by Buffy Owens, GCFP

Article originally published in Prime Magazine.

We have all been told that aging brings with it aches, pains and loss of function. Many of us have even accepted the fact that joint pain is inevitable and that we will someday have to give up doing those things that bring us the most joy.

The joy of discovery is certainly the liveliest that the mind of man can ever feel. -Claude Bernard

But what if there’s another way?

Recently a growing number of people are finding another way. They are finding their way to the Feldenkrais Method®—a type of somatic movement that incorporates small, intentional physical movements with mental visualization to teach the body how to move more efficiently and effectively.

I recently had the honor of speaking with Elizabeth Beringer, founder of the Feldenkrais® Institute of San Diego. I asked Elizabeth about her experience with the Feldenkrais Method® and its impact on the aches and pains we experience with age.

“In my over 35 years of practice as a Feldenkrais Practitioner, I have seen many, many people with joint pain. There is a very interesting difference between people, for example, in their 30’s with joint pain, and those in their later years. Most commonly, a younger individual assumes that they have pulled or twisted something and expects to get better quickly. Older people, with fears of arthritis and degeneration breathing down their necks, will often assume that the pain is the result of aging, and thus start out with a very different sense of their potential for healing.

In fact, many older individuals with new joint pain quite likely have a minor injury from which they can easily recover. Now surely it is true that as we age, we have more aches and pains, and are more likely to really have arthritis and other troubles. But that does not mean that any particular joint pain falls into that category. In my experience, the gap in perception is much greater than the real differences in recovery time.”

Let me just reiterate that last line:

In my experience, the gap in perception is much greater than the real differences in recovery time.

Now it seems to me, that those gaps are an interesting area to explore. Those areas that are unclear to us are often BIG contributors in our getting injured, to begin with, but they are also fertile ground for getting to know more of ourselves and to living a full life. Elizabeth went on to describe her work with a woman we’ll call Astrid, who was in her late sixties:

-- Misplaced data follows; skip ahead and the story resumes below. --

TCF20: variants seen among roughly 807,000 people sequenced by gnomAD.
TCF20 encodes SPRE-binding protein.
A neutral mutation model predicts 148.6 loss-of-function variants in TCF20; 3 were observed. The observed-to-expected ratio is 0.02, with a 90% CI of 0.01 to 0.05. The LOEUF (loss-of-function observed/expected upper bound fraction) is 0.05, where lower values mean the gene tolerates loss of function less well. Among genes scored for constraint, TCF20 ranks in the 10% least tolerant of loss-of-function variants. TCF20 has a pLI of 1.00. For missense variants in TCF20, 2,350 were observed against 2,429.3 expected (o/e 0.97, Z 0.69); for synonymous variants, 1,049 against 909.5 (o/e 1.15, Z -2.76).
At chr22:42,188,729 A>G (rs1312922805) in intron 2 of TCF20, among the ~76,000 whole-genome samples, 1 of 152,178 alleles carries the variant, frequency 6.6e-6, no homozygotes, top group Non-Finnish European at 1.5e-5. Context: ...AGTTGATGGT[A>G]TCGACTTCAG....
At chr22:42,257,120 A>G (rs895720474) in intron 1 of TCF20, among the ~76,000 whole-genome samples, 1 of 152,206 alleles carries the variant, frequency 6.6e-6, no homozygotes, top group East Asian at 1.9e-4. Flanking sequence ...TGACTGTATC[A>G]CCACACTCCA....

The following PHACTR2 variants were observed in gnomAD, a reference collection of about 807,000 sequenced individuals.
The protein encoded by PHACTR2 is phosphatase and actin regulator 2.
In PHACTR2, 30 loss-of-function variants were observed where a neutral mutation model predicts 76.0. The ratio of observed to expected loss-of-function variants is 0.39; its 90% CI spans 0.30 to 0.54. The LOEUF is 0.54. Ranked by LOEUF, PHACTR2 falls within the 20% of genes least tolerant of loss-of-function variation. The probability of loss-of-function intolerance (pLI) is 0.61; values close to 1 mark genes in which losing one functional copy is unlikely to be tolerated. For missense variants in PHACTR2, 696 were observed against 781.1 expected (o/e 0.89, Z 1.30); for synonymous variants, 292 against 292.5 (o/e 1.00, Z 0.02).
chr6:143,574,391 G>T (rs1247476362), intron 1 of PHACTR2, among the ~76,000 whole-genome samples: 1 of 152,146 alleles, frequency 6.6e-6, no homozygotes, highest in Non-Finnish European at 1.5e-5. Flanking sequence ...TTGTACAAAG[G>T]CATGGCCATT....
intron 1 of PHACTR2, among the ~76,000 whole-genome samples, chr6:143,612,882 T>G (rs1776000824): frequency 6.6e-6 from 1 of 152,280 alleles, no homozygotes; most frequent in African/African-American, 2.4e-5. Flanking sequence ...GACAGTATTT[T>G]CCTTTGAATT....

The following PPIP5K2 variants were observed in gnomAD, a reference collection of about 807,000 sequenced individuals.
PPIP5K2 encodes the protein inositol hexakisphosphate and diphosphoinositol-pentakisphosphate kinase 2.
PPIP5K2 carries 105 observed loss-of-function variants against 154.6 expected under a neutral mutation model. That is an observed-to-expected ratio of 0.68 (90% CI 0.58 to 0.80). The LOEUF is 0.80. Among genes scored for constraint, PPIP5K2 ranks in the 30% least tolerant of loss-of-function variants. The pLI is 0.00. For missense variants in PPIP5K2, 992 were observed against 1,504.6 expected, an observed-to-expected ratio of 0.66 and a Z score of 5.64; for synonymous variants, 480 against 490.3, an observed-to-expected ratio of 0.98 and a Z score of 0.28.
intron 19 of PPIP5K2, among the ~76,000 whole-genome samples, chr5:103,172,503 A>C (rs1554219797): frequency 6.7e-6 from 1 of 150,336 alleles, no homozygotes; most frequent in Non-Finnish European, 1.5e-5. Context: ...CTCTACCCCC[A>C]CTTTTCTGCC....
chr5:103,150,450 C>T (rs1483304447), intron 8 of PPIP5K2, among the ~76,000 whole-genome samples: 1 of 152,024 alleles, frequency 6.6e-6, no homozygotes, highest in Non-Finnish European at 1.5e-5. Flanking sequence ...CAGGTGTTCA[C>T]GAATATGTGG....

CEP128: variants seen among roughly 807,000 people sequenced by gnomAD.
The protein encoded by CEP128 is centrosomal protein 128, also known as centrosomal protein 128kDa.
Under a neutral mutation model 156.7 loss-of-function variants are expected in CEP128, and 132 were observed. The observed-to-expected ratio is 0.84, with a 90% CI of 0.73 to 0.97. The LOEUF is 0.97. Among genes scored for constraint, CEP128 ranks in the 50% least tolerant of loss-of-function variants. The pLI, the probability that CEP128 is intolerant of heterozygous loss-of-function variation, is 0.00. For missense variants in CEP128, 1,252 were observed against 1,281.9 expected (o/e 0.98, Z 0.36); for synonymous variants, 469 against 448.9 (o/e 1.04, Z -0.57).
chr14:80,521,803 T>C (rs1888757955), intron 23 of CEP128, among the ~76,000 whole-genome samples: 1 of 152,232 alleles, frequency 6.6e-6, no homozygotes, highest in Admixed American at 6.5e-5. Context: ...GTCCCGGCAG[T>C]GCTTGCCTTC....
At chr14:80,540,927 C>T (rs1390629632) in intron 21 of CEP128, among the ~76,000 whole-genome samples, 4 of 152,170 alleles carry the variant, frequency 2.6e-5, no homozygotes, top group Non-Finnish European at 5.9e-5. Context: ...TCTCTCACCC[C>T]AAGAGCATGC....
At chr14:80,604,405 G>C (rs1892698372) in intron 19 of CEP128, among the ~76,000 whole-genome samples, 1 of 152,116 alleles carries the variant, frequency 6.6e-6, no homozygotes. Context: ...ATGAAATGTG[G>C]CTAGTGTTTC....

“Astrid came to me because she wanted to be able to walk more comfortably. In our second session, we worked with the action of turning. I had noticed that she was very tense in her shoulder area and helped her feel how she could release some of this through some simple movements. I also worked with my hands on her ribs helping her feel that her rib area could be more flexible and move independently from her shoulders. At one point she commented that she had no idea the ribs on her side could move like that.At the end of the session, I had her turn to look behind herself in the sitting position. She turned easily to look over both her shoulders and commented with pleasure about how much easier it was than usual. Then suddenly she started to cry. I was surprised, but also curious. After a moment she told me that she’d been having trouble turning to look behind her while driving for some time and she’d been feeling much less confident driving partly as a result of this. She said tearfully that she’d just assumed that it was just a part of getting older. Then she made a comment that I’ll always remember. “Now I’m wondering what else I’ve given up that I didn’t have to!”

In fact in Astrid’s case, her trouble turning came from an unconscious misconception in the way she moved. She had gotten into the habit of keeping her shoulder blades fixed to her ribs. Once she learned how her ribs could move more independently from her shoulders, she had significantly more range. After speaking with Elizabeth, I was left wondering, “What have I given up that I didn’t have to?

A Little About Elizabeth
Elizabeth Beringer has been involved with the practice and development of the Feldenkrais Method for more than 35 years and is one of the foremost Feldenkrais teachers and trainers. She studied directly with the founder of the Method, Dr. Moshe Feldenkrais, in both the U.S. and Israel between 1976 and 1983. She has maintained a private practice, teaches in Feldenkrais Professional Training Programs around the world, and is currently the Educational Director at The Feldenkrais Institute of San Diego. To find out more about her work and her trainings visit:

Buffy Owens, GCFP, CHC, the founder of Conscious Movements, is a Guild Certified Feldenkrais Practitionercm and Certified Health Coach with over 20 years experience in the mind-body fields. She specializes in helping people with chronic pain learn how to suffer less and enjoy more of life. She’s also admittedly addicted to the art of learning, the joys of movement, the wonders of mindfulness & meditation, and the powers of the almighty menu. You can find out more about Buffy and what she offers at

Image by Rosalie O’Connor. Used with permission.